Ex-miner sues major coal company over black lung diagnosis
A 71-year-old Moranbah man has filed a $1.3m workplace injury lawsuit against a major coal mine company because he contracted black lung disease.
Bernard Bell claims he has a permanent disability, coughs regularly, suffers shortness of breath and wheezing.
Mr Bell, through Mackay company, Macrossan and Amiet Solicitors, is suing BHP Coal for $1,323.454.12.
Court documents were filed at Rockhampton Supreme Court in February.
According to the documents, Mr Bell was employed at BHP's Goonyella Riverside Mine between 2005 and 2007 as a trades assistant, electrician and fitter.
Mr Bell claims he was exposed to "an unacceptable and unsafe level of respirable dust" at the Shecon Operation Area at the open cut mine.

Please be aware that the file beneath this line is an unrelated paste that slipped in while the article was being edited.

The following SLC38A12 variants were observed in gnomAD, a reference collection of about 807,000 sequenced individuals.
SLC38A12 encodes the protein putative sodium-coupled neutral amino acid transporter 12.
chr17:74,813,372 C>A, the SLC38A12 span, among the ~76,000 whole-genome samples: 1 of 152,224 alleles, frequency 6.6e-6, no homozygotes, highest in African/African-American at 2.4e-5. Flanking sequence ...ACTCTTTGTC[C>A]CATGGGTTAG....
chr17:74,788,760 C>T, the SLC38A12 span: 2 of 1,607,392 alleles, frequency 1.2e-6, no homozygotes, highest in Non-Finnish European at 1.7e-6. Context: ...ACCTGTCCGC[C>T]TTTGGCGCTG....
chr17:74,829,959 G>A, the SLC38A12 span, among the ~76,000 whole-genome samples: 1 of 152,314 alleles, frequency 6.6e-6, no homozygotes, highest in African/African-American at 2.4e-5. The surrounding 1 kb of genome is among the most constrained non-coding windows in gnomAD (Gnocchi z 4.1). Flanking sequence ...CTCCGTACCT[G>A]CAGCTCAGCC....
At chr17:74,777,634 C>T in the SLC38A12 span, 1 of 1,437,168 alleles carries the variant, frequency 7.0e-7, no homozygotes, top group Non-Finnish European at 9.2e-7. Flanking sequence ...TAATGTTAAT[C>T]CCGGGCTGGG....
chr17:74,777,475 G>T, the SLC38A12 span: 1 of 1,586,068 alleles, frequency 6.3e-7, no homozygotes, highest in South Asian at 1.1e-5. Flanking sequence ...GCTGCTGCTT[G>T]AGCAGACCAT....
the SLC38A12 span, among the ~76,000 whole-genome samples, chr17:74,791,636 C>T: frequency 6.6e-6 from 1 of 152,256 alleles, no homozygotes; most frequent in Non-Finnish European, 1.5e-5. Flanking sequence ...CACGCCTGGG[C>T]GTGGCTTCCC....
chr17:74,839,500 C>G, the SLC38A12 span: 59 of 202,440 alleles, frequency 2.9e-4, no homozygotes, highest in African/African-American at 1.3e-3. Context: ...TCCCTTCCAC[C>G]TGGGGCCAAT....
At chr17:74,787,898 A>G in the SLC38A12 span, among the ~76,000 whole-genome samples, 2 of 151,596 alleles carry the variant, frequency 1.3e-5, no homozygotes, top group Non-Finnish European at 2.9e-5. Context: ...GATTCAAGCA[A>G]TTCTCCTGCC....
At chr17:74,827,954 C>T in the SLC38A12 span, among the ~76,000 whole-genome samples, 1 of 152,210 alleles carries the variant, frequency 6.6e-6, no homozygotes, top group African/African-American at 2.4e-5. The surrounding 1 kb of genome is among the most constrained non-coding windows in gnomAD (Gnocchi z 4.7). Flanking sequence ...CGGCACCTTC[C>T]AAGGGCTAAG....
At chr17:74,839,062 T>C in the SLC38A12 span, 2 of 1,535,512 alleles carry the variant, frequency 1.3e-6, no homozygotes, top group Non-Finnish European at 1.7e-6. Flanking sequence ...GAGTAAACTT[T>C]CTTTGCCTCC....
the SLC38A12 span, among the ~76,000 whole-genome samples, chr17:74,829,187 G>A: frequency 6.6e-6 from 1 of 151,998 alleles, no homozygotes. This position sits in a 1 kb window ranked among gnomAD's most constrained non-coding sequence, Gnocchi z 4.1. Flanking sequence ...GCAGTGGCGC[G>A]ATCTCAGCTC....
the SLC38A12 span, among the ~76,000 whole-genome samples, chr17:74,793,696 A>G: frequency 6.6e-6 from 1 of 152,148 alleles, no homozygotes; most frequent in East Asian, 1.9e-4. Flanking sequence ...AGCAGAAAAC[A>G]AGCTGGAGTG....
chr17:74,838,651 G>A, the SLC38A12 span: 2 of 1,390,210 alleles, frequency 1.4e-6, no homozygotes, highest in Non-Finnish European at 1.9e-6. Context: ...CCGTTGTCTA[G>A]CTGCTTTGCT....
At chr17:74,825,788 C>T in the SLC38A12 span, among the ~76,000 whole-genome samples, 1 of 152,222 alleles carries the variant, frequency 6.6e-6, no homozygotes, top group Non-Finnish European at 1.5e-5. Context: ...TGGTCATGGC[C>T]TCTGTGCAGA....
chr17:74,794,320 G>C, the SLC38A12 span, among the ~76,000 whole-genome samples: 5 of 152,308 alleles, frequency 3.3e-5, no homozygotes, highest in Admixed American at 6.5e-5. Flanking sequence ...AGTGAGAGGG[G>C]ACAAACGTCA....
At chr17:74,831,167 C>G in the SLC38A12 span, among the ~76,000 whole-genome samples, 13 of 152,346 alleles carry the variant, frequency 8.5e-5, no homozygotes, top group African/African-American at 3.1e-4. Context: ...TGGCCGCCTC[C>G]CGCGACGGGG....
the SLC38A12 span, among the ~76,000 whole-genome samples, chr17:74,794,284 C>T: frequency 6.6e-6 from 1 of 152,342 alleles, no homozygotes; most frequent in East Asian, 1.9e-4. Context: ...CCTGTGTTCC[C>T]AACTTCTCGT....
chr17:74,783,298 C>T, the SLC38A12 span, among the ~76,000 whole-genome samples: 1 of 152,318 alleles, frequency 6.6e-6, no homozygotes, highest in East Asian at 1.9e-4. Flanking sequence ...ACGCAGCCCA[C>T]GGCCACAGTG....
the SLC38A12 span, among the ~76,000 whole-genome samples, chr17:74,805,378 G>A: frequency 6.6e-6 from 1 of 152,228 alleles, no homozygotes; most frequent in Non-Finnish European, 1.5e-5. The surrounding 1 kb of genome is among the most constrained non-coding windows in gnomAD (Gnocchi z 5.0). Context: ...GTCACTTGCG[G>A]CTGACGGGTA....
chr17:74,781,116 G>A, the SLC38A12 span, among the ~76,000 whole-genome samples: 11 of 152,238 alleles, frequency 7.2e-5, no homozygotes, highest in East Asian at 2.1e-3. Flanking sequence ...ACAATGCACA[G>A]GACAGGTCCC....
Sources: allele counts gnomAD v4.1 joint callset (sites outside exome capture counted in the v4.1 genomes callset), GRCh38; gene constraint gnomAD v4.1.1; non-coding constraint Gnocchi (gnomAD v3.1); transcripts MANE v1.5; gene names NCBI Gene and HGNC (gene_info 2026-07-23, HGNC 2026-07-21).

As a result, he developed pneumoconiosis, commonly known as black lung disease.
The court documents cite tests performed by Queensland mines testing and research station Simtars revealed dust and dust level indicated "levels of respirable quartz were above acceptable levels".
"Tests were regularly regarded as invalid as the testing equipment was choked with dust," the documents read.
Mr Bell alleges there was no mandatory requirement to wear a dust mask.
It is also alleged, at no time when Mr Bell was employed at the mine was he "provided any information on the risk of contracting coal workers pneumoconiosis through his work duties" or on the "dangers of employees being exposed to respirable dust".
No defence has yet been filed.